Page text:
Season of birth in a nationwide cohort of coeliac disease patients
- 1Coeliac Disease Center, Department of Medicine, Columbia University College of Physicians and Surgeons, New York, USA
- 2Clinical Epidemiology Unit, Department of Medicine, Karolinska University Hospital and Karolinska Institutet, Stockholm, Sweden
- 3Division of Gastroenterology and Hepatology, Department of Medicine, Mayo Clinic College of Medicine, Rochester, Minnesota, USA
- 4Department of Paediatrics, Örebro University Hospital, Örebro, Sweden
- Correspondence to Dr Jonas F Ludvigsson, Department of Paediatrics, Örebro University Hospital, Örebro 70185, Sweden;
- Received 11 June 2012
- Revised 26 October 2012
- Accepted 29 October 2012
- Published Online First 21 November 2012
Background and objective Genetic factors alone cannot explain the risk of developing coeliac disease (CD). Children born in summer months are likely to be weaned and introduced to gluten during winter when viral infections are more frequent. Earlier studies on birth season and CD are limited in sample size and results are contradictory.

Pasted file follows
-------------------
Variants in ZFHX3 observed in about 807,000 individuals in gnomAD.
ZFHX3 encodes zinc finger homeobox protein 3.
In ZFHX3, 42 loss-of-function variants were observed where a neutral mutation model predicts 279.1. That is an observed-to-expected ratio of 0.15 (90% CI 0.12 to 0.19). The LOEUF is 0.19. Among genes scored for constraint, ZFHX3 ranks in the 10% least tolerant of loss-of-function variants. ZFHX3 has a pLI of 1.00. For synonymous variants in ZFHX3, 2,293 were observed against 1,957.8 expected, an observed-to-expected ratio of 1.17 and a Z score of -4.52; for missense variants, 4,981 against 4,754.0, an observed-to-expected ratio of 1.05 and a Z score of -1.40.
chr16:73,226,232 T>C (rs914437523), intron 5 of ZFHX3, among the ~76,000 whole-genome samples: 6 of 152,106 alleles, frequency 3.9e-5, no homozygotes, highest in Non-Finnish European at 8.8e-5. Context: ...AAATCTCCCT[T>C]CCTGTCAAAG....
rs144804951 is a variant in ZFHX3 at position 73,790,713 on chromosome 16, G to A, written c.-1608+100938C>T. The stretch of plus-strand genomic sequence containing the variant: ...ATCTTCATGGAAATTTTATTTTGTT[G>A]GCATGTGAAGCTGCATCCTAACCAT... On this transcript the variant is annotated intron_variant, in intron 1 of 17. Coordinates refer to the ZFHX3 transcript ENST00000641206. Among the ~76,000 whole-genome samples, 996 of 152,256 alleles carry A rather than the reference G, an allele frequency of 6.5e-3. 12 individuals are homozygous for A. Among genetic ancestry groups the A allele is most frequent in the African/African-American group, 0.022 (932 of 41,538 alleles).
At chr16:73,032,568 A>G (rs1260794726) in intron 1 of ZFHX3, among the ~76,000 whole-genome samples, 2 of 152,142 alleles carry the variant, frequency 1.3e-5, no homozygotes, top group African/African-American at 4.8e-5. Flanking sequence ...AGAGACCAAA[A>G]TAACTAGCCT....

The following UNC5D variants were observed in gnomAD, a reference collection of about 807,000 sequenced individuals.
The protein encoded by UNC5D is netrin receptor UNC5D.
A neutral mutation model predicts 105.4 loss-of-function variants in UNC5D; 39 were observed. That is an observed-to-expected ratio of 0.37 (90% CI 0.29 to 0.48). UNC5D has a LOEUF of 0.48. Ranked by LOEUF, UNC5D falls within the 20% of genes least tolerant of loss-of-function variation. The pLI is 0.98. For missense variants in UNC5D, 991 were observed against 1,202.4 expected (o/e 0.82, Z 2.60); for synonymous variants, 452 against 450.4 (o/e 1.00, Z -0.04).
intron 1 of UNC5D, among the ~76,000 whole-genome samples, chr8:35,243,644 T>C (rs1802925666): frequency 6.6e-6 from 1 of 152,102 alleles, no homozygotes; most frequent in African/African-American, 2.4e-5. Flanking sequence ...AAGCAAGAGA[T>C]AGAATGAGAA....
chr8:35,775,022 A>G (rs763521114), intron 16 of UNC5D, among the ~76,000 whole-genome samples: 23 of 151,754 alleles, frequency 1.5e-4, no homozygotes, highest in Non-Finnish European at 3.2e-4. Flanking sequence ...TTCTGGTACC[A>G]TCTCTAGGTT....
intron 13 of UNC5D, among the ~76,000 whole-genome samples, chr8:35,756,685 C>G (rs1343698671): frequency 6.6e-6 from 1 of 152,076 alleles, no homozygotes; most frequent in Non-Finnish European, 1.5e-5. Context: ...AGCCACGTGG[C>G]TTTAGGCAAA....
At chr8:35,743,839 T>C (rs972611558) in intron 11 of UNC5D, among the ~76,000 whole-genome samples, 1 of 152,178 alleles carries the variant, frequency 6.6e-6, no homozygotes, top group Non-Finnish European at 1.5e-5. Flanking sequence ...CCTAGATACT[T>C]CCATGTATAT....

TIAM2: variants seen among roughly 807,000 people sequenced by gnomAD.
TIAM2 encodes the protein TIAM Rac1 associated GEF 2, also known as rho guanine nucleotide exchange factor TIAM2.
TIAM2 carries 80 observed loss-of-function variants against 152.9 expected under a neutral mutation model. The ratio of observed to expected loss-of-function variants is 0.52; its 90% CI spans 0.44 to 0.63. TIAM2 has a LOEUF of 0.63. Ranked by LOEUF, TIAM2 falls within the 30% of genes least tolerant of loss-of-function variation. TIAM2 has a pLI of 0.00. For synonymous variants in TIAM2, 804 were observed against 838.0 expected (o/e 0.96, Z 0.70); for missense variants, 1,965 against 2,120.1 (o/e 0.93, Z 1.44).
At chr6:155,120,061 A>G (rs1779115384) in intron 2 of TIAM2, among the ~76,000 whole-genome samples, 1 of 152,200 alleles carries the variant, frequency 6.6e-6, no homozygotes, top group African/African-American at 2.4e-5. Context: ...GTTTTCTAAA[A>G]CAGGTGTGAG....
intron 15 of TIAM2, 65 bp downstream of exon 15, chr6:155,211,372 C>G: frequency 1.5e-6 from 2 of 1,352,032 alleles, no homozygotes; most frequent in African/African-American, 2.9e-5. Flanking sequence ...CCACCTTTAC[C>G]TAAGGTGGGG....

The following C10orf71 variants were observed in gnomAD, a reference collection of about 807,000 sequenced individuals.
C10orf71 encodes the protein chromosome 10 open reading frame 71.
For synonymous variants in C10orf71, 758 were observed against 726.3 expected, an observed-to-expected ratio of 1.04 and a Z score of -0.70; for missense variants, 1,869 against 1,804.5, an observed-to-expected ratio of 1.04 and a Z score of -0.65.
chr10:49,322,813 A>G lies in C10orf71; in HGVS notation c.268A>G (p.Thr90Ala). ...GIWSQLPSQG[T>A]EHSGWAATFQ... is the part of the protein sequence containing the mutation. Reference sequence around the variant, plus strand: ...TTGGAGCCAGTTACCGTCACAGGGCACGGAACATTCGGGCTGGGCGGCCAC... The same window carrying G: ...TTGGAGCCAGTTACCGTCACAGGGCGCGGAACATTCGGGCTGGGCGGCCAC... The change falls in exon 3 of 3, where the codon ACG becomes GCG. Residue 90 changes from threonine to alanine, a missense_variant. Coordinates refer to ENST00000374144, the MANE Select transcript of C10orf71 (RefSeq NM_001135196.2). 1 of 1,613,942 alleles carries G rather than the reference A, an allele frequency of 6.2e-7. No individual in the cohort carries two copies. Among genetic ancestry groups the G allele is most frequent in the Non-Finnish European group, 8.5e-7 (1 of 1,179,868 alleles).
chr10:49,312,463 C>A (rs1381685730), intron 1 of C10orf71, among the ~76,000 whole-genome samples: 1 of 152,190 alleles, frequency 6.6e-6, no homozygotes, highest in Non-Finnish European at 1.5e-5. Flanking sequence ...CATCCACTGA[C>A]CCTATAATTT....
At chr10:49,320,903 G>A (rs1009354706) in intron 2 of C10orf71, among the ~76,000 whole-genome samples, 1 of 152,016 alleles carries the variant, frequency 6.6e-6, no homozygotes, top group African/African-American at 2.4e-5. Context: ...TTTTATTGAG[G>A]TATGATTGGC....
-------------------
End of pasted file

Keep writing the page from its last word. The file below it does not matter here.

Method Case–control study. We used biopsy reports from all 28 Swedish pathology departments to identify individuals with CD, defined as small intestinal villous atrophy (n=29 096). The government agency Statistics Sweden then identified 144 522 controls matched for gender, age, calendar year and county. Through conditional logistic regression we examined the association between summer birth (March–August) and later CD diagnosis (outcome measure).
Results Some 54.10% of individuals with CD versus 52.75% of controls were born in the summer months. Summer birth was hence associated with a small increased risk of later CD (OR 1.06; 95% CI 1.03 to 1.08; p<0.0001). Stratifying CD patients according to age at diagnosis, we found the highest OR in those diagnosed before age 2 years (OR 1.17; 95% CI 1.10 to 1.26), while summer birth was not associated with a CD diagnosis in later childhood (age 2–18 years: OR 1.02; 95% CI 0.97 to 1.08), but had a marginal effect on the risk of CD in adulthood (age ≥18 years: OR 1.04; 95% CI 1.01 to 1.07).
Conclusions In this study, summer birth was associated with an increased risk of later CD, but the excess risk was small, and general infectious disease exposure early in life is unlikely to be a major cause of CD.